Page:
Northern Kentucky Has a Thirst for Innovation
The Northern Kentucky region's craft beverage scene is rising to new levels.
Bourbon is big business in Kentucky. According to a 2021 report commissioned by the Kentucky Distillers’ Association, the industry contributes $8.9 billion annually to the state’s economy and employs 22,500 workers. The association says 95% of the world’s bourbon is crafted in the Bluegrass State. A pro tip for those exploring this legendary craft beverage scene: Don’t overlook Northern Kentucky.
Old Fashioned vs. Newfangled
One distillery making its mark is Newport’s New Riff Distilling. Founded in 2014, it’s one of the region’s largest producers.
“Northern Kentucky has as good a claim as any to the origin of bourbon from the early 19th century, when barrels of whiskey were shipped north to the Ohio River ports and went out to the world,” says co-founder Jay Erisman.
New Riff carries on that tradition, thanks partly to its location on the river and just off Interstate 471.
“A really good golfer could hit a ball into Ohio from our roof deck,” says Erisman, “So, that is helpful for the tourism aspect of the current Northern Kentucky whiskey scene.”
The distillery has also received critical acclaim; in 2019, its entire portfolio was awarded double gold medals at the San Francisco World Spirits Competition, which helped put Northern Kentucky whiskey on the map, Erisman says.
New Riff is now expanding its production facilities. In January 2022, it added three new 5,600-gallon fermenters to its existing six, which increased production capacity to 12,000 barrels per year. That summer, it broke ground on a 55,000-square-foot warehouse in nearby Silver Grove that can house over 40,000 barrels of aging whiskey — with room for future expansion. That project, says Erisman, will be complete in summer 2023.
Boone County Distilling Co. in Florence is another large regional producer in expansion mode. In 2021, it opened a 5,000-square-foot event center that includes a barrel room, patio, ballroom and full bar. The following year, it launched Canvus, a line of canned, ready-to-drink cocktails that includes flavors like bourbon lemon spice, raspberry lemonade and bourbon mule.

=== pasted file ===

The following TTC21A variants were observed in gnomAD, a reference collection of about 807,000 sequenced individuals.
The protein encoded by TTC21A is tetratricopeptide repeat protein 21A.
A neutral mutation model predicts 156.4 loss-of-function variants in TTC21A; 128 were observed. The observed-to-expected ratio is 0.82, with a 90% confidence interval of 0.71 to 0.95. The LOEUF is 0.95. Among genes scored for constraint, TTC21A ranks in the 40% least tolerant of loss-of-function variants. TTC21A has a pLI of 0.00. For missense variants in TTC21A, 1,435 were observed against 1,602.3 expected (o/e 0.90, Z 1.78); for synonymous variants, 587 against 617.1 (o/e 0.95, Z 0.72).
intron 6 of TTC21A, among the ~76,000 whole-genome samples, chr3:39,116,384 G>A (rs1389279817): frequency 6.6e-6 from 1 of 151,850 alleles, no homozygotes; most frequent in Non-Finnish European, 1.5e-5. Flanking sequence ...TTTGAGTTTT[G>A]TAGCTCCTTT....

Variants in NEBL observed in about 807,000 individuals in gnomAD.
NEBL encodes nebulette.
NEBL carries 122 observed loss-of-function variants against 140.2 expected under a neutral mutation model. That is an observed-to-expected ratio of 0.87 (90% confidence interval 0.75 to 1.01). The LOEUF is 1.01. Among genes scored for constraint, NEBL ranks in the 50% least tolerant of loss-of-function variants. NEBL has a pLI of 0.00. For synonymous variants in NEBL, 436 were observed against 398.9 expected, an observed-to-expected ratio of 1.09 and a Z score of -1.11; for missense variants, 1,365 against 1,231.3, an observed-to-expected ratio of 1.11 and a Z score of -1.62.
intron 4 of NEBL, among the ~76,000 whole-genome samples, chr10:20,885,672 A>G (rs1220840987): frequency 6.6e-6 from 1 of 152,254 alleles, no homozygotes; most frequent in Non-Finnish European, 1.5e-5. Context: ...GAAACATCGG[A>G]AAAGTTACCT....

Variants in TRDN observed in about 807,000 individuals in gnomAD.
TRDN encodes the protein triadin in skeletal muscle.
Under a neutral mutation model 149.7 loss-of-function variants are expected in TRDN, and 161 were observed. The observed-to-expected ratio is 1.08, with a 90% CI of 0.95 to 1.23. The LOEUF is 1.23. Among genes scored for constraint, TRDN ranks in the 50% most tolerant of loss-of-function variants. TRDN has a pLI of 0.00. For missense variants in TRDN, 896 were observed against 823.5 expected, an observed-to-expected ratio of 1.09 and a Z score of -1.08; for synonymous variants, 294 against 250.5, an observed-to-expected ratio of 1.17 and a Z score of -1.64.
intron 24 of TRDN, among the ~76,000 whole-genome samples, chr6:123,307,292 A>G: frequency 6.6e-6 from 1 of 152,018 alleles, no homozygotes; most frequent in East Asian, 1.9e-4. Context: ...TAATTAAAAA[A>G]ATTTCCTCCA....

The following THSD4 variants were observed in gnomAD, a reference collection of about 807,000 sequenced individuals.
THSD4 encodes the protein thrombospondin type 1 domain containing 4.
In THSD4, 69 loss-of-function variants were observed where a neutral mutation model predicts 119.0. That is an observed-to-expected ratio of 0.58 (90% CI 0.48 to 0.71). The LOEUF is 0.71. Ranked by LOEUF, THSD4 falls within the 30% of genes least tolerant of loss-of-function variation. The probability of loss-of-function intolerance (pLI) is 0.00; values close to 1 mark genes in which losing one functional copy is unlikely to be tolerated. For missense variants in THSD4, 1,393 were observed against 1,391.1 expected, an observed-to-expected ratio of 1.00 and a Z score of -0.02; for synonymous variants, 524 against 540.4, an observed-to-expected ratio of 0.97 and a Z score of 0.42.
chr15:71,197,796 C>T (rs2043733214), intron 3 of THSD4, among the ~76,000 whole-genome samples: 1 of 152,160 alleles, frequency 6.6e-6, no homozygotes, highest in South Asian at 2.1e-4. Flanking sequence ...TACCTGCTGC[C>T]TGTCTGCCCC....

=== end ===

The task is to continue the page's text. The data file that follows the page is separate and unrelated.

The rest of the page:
Smaller distilling and brewing operations also bring creativity and charm to the area’s craft beverage scene, along with a healthy helping of tradition.
Sparta’s Neeley Family Distillery officially launched in 2015, but it turns out whiskey, moonshine and absinthe based on family recipes dating back to the 1700s when James Neeley first built an illegal still and began making his own alcohol. There’s also Covington’s Wenzel Whiskey, where imbibers can create their own custom-blended whiskey and Augusta Distillery in the town of the same name produces high-end bottles suitable for collecting.
A relatively recent arrival to the scene, Newport’s Pensive Distilling Co., opened in 2021 and is named after the 1944 Kentucky Derby winner and located inside a former speakeasy, says General Manager Sami Biddle.
The space’s vibe harkens back to the days of Prohibition when Newport was “the first Vegas,” says Biddle, “known for bootlegging and brothels.” A pot still sits front and center in the distillery’s tasting room. It’s not a decorative still, either; it’s in use on days the distillery is closed to the public.
“Northern Kentucky has as good a claim as any to the origin of bourbon from the early 19th century, when barrels of whiskey were shipped north to the Ohio River ports and went out to the world.”
Jay Erisman, New Riff Distilling
Ludlow’s Second Sight Spirits makes a smoked cherry rum and hazelnut liqueur in addition to more traditional rum and bourbon; it was still handmade by the distillery’s founders, who are former engineers and designers for lavish Cirque du Soleil productions.
Surprisingly, Second Sight isn’t the only circus-inspired beverage producer in the historic river town of Ludlow. Bircus Brewing Co. was founded by Paul Hallinan Miller, previously a clown with Ringling Bros. and Barnum & Bailey Circus. After running away from the Greatest Show on Earth, he founded Circus Mojo in his home state and began performing out of Ludlow Theatre. After five years of selling other breweries’ beer at shows, Miller decided to make his own brews.
“You don’t make any money selling other people’s beer, but you can’t do events without beer,” he says. The result was Bircus: a taproom in the lobby of the historic theater, a brewery in the back room and events from circus performances (which bring in performers from across the globe) to pickleball to wrestling in the theater.
“How can we do things in a way that is productive and different?” says Miller.
The same could be said about all the innovative minds behind Northern Kentucky’s craft beverage scene.
Want to learn more about living and working in the Northern Kentucky region? Check out the latest edition of Livability Northern Kentucky.